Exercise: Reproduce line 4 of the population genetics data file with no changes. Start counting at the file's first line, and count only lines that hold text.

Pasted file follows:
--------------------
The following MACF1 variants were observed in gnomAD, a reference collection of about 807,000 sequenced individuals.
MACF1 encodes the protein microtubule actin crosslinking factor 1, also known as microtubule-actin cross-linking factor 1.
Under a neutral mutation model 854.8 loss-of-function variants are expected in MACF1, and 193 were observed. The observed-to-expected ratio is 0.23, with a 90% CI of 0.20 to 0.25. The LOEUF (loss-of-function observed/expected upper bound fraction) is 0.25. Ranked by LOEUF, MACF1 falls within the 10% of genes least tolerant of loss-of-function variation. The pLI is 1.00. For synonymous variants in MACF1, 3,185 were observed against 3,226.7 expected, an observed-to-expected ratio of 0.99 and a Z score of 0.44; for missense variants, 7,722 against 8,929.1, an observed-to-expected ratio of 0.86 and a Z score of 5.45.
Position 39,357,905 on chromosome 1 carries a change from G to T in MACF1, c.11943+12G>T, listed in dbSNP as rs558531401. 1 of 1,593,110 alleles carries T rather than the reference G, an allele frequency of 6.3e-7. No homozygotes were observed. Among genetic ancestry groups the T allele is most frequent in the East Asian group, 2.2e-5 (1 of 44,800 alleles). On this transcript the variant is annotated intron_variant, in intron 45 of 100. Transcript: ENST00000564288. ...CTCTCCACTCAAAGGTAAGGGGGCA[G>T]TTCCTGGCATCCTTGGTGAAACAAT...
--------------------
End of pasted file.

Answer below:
Position 39,357,905 on chromosome 1 carries a change from G to T in MACF1, c.11943+12G>T, listed in dbSNP as rs558531401. 1 of 1,593,110 alleles carries T rather than the reference G, an allele frequency of 6.3e-7. No homozygotes were observed. Among genetic ancestry groups the T allele is most frequent in the East Asian group, 2.2e-5 (1 of 44,800 alleles). On this transcript the variant is annotated intron_variant, in intron 45 of 100. Transcript: ENST00000564288. ...CTCTCCACTCAAAGGTAAGGGGGCA[G>T]TTCCTGGCATCCTTGGTGAAACAAT...